This dissertation explores and analyzes interpretive skepticism in literary theory. It argues that traditional interpretive theories and debates often harbor unacknowledged forms of skeptical thinking and arguments. As these forms of skepticism are seldom recognized as skepticism, the problem tends to remain hidden and unresolved. The dissertation further argues that interpretive skepticism is (i) the result of a philosophical confusion, and (ii) practically harmful when used in order to regulate interpretive practice. Accordingly, a central purpose of the dissertation is to offer an analysis and taxonomy of what interpretive skepticism is. Only once we are in a position to understand and recognize it in its many guises will we be able to criticize and challenge it.
The first part of the dissertation thus aims at identifying a specific structure of skeptical reasoning within the theory of literary interpretation. In articulating this taxonomy and analysis, the study builds on the American philosopher Stanley Cavell’s reinterpretation of epistemological skepticism in terms of tragedy, avoidance and repudiation of grammatical criteria. The second part of the study explores, in greater detail, interpretive skepticism within New Criticism. It centers on analyses of two classics within interpretive theory: “The Intentional Fallacy” by Monroe C. Beardsley (and W.K. Wimsatt) and “The Heresy of Paraphrase” by Cleanth Brooks. The study argues that Beardsley becomes both a so-called “skeptical twin” about literary interpretation and a straightforward literary other-minds skeptic with regard to authorial intentions. Brooks, for his part, becomes a straightforward skeptic about poetic interpretation and a “skeptical twin” about poetic meaning. Both theorists are investigated in comparison with Cavell’s explorations of the themes of intention, overinterpretation, fraudulence, modernism, and aesthetic judgment in art, literature and criticism. Despite these skeptical findings, the study also argues that there are important similarities between Cavell’s non-skeptical approach to literature and criticism, and New Critical “close reading.”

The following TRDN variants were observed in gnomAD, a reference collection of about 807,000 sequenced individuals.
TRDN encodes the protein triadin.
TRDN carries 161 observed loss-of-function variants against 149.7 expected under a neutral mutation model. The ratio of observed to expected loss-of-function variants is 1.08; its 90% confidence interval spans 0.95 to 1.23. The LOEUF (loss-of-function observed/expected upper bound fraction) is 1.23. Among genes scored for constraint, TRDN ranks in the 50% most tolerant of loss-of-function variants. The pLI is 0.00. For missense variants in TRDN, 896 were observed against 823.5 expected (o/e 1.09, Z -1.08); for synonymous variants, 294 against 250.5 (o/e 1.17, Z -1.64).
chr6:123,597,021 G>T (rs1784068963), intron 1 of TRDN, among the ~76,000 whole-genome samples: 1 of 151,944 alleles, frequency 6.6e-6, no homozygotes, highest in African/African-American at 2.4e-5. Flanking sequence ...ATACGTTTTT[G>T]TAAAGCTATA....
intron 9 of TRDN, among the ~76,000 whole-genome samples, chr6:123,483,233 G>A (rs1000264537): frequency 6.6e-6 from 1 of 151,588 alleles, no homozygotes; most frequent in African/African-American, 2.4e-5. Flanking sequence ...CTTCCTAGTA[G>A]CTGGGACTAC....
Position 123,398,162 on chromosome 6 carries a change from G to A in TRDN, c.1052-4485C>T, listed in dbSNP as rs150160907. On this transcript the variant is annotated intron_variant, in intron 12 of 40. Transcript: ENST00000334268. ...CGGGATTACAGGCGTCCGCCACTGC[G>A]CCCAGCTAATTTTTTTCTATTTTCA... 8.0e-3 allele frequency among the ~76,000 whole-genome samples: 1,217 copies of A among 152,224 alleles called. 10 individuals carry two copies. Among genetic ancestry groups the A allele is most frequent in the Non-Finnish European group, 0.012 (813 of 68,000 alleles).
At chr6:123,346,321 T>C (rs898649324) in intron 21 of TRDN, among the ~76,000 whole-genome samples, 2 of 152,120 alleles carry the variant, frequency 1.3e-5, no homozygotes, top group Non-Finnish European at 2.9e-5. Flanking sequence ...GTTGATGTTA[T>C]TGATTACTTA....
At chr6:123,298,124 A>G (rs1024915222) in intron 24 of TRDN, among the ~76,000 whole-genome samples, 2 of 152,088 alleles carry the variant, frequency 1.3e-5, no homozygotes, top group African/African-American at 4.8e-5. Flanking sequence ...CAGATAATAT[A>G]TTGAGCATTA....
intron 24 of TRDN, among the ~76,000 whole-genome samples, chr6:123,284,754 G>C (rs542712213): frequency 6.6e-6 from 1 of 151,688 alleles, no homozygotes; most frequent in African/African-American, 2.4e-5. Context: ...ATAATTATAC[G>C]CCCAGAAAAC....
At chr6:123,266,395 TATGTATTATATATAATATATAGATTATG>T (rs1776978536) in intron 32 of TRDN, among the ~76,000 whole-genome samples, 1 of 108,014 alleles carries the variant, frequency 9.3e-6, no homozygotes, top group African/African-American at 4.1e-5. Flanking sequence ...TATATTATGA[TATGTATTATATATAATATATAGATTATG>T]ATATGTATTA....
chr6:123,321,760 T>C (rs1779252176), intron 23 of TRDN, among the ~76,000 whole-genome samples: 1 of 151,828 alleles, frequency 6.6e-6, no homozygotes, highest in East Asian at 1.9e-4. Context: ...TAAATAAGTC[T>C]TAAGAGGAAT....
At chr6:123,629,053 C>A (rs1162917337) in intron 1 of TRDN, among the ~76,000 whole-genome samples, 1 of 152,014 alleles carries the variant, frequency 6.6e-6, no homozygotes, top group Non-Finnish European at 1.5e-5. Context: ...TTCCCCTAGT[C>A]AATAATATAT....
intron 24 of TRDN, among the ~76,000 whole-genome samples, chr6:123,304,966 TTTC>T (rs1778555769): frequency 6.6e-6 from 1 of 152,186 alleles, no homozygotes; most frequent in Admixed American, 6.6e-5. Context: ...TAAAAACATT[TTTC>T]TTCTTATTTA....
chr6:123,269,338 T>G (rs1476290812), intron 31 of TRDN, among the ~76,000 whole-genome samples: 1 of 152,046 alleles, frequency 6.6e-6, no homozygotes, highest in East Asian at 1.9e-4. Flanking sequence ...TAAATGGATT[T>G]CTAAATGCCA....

The dissertation concludes with a chapter that leaves the confines of the New Critical idiom to explore interpretive skepticism within the tradition of so-called “hermeneutics of suspicion.” Through readings of Susan Sontag, Eve Kosofsky Sedgwick, and Cora Diamond, it argues that suspicious or paranoid hermeneutics is not skeptical in itself but can become so through the skeptical temptations of dogmatism, authoritarianism, and fraudulence.